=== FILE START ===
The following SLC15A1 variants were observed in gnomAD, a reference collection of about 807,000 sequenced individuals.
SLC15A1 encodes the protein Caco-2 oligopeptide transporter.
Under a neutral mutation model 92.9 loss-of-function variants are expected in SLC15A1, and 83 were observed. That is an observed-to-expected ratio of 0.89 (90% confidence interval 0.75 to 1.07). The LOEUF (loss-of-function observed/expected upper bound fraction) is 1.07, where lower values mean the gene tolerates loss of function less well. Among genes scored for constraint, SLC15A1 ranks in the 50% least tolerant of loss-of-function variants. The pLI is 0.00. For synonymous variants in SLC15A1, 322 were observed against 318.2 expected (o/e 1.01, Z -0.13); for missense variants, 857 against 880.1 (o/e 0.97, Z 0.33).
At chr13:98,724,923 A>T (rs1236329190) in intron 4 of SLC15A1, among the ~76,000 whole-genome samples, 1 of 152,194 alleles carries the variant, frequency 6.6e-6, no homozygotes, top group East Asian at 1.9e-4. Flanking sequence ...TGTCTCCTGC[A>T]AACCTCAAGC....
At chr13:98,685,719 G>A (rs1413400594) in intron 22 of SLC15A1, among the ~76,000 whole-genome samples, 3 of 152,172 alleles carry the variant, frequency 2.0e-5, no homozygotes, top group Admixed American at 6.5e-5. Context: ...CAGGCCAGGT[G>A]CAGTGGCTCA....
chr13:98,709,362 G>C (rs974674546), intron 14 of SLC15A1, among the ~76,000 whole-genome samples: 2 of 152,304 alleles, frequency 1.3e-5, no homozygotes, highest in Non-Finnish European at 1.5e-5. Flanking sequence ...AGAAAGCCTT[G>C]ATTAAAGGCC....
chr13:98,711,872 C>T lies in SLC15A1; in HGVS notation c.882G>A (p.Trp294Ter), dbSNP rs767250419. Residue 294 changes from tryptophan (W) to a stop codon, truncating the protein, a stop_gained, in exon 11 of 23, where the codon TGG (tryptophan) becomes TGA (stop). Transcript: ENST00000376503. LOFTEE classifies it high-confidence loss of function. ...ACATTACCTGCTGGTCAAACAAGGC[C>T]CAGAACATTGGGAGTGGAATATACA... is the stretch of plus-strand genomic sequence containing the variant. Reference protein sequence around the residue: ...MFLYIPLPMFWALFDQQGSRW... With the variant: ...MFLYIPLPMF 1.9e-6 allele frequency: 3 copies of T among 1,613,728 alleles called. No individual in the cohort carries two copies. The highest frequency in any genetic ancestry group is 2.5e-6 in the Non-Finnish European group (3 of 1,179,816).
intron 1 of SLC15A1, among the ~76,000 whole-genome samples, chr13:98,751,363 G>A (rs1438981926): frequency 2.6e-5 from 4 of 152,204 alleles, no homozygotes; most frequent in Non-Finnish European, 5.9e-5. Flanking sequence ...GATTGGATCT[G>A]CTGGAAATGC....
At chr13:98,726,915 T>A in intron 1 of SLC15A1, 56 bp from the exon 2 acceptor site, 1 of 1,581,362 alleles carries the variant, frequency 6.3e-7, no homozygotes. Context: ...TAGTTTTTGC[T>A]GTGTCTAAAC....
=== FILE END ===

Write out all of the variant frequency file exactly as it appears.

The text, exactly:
The following SLC15A1 variants were observed in gnomAD, a reference collection of about 807,000 sequenced individuals.
SLC15A1 encodes the protein Caco-2 oligopeptide transporter.
Under a neutral mutation model 92.9 loss-of-function variants are expected in SLC15A1, and 83 were observed. That is an observed-to-expected ratio of 0.89 (90% confidence interval 0.75 to 1.07). The LOEUF (loss-of-function observed/expected upper bound fraction) is 1.07, where lower values mean the gene tolerates loss of function less well. Among genes scored for constraint, SLC15A1 ranks in the 50% least tolerant of loss-of-function variants. The pLI is 0.00. For synonymous variants in SLC15A1, 322 were observed against 318.2 expected (o/e 1.01, Z -0.13); for missense variants, 857 against 880.1 (o/e 0.97, Z 0.33).
At chr13:98,724,923 A>T (rs1236329190) in intron 4 of SLC15A1, among the ~76,000 whole-genome samples, 1 of 152,194 alleles carries the variant, frequency 6.6e-6, no homozygotes, top group East Asian at 1.9e-4. Flanking sequence ...TGTCTCCTGC[A>T]AACCTCAAGC....
At chr13:98,685,719 G>A (rs1413400594) in intron 22 of SLC15A1, among the ~76,000 whole-genome samples, 3 of 152,172 alleles carry the variant, frequency 2.0e-5, no homozygotes, top group Admixed American at 6.5e-5. Context: ...CAGGCCAGGT[G>A]CAGTGGCTCA....
chr13:98,709,362 G>C (rs974674546), intron 14 of SLC15A1, among the ~76,000 whole-genome samples: 2 of 152,304 alleles, frequency 1.3e-5, no homozygotes, highest in Non-Finnish European at 1.5e-5. Flanking sequence ...AGAAAGCCTT[G>C]ATTAAAGGCC....
chr13:98,711,872 C>T lies in SLC15A1; in HGVS notation c.882G>A (p.Trp294Ter), dbSNP rs767250419. Residue 294 changes from tryptophan (W) to a stop codon, truncating the protein, a stop_gained, in exon 11 of 23, where the codon TGG (tryptophan) becomes TGA (stop). Transcript: ENST00000376503. LOFTEE classifies it high-confidence loss of function. ...ACATTACCTGCTGGTCAAACAAGGC[C>T]CAGAACATTGGGAGTGGAATATACA... is the stretch of plus-strand genomic sequence containing the variant. Reference protein sequence around the residue: ...MFLYIPLPMFWALFDQQGSRW... With the variant: ...MFLYIPLPMF 1.9e-6 allele frequency: 3 copies of T among 1,613,728 alleles called. No individual in the cohort carries two copies. The highest frequency in any genetic ancestry group is 2.5e-6 in the Non-Finnish European group (3 of 1,179,816).
intron 1 of SLC15A1, among the ~76,000 whole-genome samples, chr13:98,751,363 G>A (rs1438981926): frequency 2.6e-5 from 4 of 152,204 alleles, no homozygotes; most frequent in Non-Finnish European, 5.9e-5. Flanking sequence ...GATTGGATCT[G>A]CTGGAAATGC....
At chr13:98,726,915 T>A in intron 1 of SLC15A1, 56 bp from the exon 2 acceptor site, 1 of 1,581,362 alleles carries the variant, frequency 6.3e-7, no homozygotes. Context: ...TAGTTTTTGC[T>A]GTGTCTAAAC....